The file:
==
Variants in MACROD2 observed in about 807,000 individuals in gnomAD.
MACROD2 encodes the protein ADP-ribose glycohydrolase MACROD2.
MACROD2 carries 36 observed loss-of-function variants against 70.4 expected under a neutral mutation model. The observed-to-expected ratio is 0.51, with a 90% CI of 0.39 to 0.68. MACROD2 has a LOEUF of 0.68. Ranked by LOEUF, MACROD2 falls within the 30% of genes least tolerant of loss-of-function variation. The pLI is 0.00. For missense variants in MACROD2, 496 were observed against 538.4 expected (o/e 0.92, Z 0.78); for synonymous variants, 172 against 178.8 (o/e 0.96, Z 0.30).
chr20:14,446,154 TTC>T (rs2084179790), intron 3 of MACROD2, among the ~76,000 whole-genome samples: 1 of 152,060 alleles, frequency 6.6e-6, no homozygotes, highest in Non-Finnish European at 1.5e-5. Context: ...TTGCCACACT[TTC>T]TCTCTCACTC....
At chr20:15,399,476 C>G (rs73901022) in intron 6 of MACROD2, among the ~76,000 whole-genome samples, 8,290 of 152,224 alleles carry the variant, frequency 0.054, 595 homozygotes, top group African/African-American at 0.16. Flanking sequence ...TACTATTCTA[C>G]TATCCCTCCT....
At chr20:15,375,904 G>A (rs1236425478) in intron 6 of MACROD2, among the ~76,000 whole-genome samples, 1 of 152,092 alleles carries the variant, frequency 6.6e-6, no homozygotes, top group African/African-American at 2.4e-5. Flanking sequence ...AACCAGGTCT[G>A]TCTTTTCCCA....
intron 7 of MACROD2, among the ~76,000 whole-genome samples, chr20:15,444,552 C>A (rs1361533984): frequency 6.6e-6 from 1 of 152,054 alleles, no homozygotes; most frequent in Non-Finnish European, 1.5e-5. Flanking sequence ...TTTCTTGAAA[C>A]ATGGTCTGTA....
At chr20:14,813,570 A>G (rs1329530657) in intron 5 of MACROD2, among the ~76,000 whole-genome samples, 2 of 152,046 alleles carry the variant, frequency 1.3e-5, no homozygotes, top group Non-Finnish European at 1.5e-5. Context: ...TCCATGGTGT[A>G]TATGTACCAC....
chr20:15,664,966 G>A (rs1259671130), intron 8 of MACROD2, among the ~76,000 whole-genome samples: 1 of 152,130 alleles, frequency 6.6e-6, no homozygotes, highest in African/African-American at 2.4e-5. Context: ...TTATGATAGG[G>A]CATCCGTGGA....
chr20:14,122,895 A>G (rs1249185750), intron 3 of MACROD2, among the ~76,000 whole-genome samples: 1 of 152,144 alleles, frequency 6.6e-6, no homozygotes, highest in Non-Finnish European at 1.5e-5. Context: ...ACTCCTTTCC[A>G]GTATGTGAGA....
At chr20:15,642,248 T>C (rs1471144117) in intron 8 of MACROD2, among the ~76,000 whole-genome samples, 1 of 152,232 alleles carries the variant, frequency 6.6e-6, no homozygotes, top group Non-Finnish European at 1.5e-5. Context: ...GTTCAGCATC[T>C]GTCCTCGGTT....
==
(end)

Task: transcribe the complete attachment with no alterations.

Variants in MACROD2 observed in about 807,000 individuals in gnomAD.
MACROD2 encodes the protein ADP-ribose glycohydrolase MACROD2.
MACROD2 carries 36 observed loss-of-function variants against 70.4 expected under a neutral mutation model. The observed-to-expected ratio is 0.51, with a 90% CI of 0.39 to 0.68. MACROD2 has a LOEUF of 0.68. Ranked by LOEUF, MACROD2 falls within the 30% of genes least tolerant of loss-of-function variation. The pLI is 0.00. For missense variants in MACROD2, 496 were observed against 538.4 expected (o/e 0.92, Z 0.78); for synonymous variants, 172 against 178.8 (o/e 0.96, Z 0.30).
chr20:14,446,154 TTC>T (rs2084179790), intron 3 of MACROD2, among the ~76,000 whole-genome samples: 1 of 152,060 alleles, frequency 6.6e-6, no homozygotes, highest in Non-Finnish European at 1.5e-5. Context: ...TTGCCACACT[TTC>T]TCTCTCACTC....
At chr20:15,399,476 C>G (rs73901022) in intron 6 of MACROD2, among the ~76,000 whole-genome samples, 8,290 of 152,224 alleles carry the variant, frequency 0.054, 595 homozygotes, top group African/African-American at 0.16. Flanking sequence ...TACTATTCTA[C>G]TATCCCTCCT....
At chr20:15,375,904 G>A (rs1236425478) in intron 6 of MACROD2, among the ~76,000 whole-genome samples, 1 of 152,092 alleles carries the variant, frequency 6.6e-6, no homozygotes, top group African/African-American at 2.4e-5. Flanking sequence ...AACCAGGTCT[G>A]TCTTTTCCCA....
intron 7 of MACROD2, among the ~76,000 whole-genome samples, chr20:15,444,552 C>A (rs1361533984): frequency 6.6e-6 from 1 of 152,054 alleles, no homozygotes; most frequent in Non-Finnish European, 1.5e-5. Flanking sequence ...TTTCTTGAAA[C>A]ATGGTCTGTA....
At chr20:14,813,570 A>G (rs1329530657) in intron 5 of MACROD2, among the ~76,000 whole-genome samples, 2 of 152,046 alleles carry the variant, frequency 1.3e-5, no homozygotes, top group Non-Finnish European at 1.5e-5. Context: ...TCCATGGTGT[A>G]TATGTACCAC....
chr20:15,664,966 G>A (rs1259671130), intron 8 of MACROD2, among the ~76,000 whole-genome samples: 1 of 152,130 alleles, frequency 6.6e-6, no homozygotes, highest in African/African-American at 2.4e-5. Context: ...TTATGATAGG[G>A]CATCCGTGGA....
chr20:14,122,895 A>G (rs1249185750), intron 3 of MACROD2, among the ~76,000 whole-genome samples: 1 of 152,144 alleles, frequency 6.6e-6, no homozygotes, highest in Non-Finnish European at 1.5e-5. Context: ...ACTCCTTTCC[A>G]GTATGTGAGA....
At chr20:15,642,248 T>C (rs1471144117) in intron 8 of MACROD2, among the ~76,000 whole-genome samples, 1 of 152,232 alleles carries the variant, frequency 6.6e-6, no homozygotes, top group Non-Finnish European at 1.5e-5. Context: ...GTTCAGCATC[T>C]GTCCTCGGTT....